The third model we need to consider is the Ruger Model 77. I personnally like the modified Mauser style action and claw extractor. I also like the built in scope bases and Leonard Brownell designed stock. Now as to the down side. The trigger pull on every one I have ever tried was like pulling teeth. In other words a 'long, hard pull'. The older models have after market triggers available. Further when shooting a Ruger long gun, it appears you either get a prince or a pig. This stems from the fact that for years Ruger rifle barrels were sub-contracted out. There is no way to tell just by looking at them. They have to be shot from a good benchrest to tell the shooters from the clubs. I have shot two identical Rugers in the same caliber that were only 20 serial numbers apart on the same day. One was a tack driver, while the other could not hit a bull in the butt from 50 feet.
The last model we will look at this month is the Savage Model 110. This weapon is probably the one that gives the most value for the money for the average survivalist. While the trigger is rough, it is serviceable. Accuracy will also stay in the same range as the Winchester and the Ruger. The one thing I consider bad with the Savage is that I consider it "Butt Ugly". Appearance aside, the weapon is plain, but functional.
The above weapons are all serviceable. They would all profit from using synthetic stocks. These stocks preclude the loss of accuracy from stock warpage from moisture as happens to wood stocks. If you use a wood stock I suggest applying a good sealing coat of polyeurathane, followed by a good coat of Johnson's Paste Wax for hard wood floors. This is especially important in the barrel channel. With the exception of the Remington, all of the above weapons would also benefit from a good aftermarket trigger from either Timney or Dayton-Traister.
While most sniper type rifles are chambered in 7.62/.308, 30-06, or .300 Winchester Magnum, other calibers could also be considered. My personal favorite is the .270 Winchester. A cheap and light alternative to the .50 caliber is the .375 H&H magnum improved. Don't get me wrong, this weapon is not cheap. Just not as expensive or as heavy as the .50 caliber. This round allows for a heavy hitting, 300 plus grain bullet that is accurate to 1200 yards. This round can be used comfortably in a weapon weighing less than 20 pounds, including scope.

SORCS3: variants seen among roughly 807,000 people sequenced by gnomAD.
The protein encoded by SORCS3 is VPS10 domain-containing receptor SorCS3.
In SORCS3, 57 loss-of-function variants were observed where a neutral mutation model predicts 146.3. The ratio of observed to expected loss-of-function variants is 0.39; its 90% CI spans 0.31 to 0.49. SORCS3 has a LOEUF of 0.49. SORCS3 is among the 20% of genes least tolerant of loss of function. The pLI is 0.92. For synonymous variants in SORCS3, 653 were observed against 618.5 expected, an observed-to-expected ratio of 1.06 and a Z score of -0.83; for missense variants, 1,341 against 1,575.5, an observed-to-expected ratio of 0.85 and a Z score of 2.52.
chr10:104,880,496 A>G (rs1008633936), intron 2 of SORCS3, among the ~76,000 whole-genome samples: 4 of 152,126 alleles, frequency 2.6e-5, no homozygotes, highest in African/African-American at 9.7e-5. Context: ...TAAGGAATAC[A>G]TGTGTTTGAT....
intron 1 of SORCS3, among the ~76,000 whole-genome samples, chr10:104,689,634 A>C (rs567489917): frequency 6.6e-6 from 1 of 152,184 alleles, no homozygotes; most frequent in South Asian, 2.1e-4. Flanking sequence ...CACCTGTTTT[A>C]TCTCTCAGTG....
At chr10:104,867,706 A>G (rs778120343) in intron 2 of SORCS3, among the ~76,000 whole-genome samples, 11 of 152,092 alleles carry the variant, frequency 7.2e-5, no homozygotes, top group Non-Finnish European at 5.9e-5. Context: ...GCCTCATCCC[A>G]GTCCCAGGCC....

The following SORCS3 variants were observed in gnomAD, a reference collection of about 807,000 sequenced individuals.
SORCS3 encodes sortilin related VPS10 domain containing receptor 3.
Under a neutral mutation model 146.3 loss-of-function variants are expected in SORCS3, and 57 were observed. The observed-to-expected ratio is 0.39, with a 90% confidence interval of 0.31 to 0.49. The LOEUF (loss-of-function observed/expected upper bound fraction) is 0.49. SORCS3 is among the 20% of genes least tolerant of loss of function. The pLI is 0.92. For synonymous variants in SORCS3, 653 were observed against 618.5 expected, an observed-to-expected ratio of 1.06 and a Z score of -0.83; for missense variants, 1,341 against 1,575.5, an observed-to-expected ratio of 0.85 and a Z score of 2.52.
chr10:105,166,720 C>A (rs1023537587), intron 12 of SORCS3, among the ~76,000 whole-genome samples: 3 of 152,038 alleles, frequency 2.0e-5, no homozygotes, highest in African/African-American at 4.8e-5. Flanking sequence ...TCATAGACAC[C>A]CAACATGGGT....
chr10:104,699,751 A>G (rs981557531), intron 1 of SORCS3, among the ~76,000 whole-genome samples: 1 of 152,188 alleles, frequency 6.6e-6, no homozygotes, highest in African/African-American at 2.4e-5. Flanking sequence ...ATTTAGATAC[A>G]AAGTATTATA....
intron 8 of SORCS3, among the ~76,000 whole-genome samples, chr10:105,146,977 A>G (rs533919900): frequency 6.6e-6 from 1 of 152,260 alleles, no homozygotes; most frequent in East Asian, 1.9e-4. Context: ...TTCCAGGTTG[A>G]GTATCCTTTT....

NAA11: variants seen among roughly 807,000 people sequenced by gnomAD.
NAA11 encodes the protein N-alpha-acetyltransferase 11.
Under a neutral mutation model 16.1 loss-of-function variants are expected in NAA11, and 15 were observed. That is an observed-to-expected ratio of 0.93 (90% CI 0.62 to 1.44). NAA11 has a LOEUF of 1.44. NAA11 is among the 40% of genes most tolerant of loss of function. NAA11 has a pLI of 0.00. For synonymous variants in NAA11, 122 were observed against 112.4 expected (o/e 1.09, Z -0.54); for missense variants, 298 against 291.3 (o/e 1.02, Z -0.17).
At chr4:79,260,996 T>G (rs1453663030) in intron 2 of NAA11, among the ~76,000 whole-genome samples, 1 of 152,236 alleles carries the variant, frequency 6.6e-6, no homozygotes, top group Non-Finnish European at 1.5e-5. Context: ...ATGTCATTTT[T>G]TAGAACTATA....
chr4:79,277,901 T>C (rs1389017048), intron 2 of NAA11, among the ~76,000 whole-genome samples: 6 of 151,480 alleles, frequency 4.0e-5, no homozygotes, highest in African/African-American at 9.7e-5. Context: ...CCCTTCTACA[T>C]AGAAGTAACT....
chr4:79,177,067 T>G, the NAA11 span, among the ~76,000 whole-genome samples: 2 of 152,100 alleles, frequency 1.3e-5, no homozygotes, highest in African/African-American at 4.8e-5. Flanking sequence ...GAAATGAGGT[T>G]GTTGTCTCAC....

While on the subject of scopes, let me say this, "Cheap scopes are no bargain". It is better to put your money in good glass and a less expensive gun than the other way around. Most people do not know that the various scope manufactures have different grades of scopes in the same line. For example while the Bausch and Lomb scopes are superior, their Bushnell line contain both good and bad scopes. If you look at Tasco scopes be sure you stay with their World Class models and above. In Leupold scopes use either, but the Vari-xIII's are preferred over the Vari-xII's.
The general rule of thumb of 'all' the professional snipers I know is "Spend as much or more on your glass as your rifle". The book on sniping by John Plaster has a very good chart on which scopes are acceptable for sniping, and if it is good enough for sniping it will also bring home the bacon.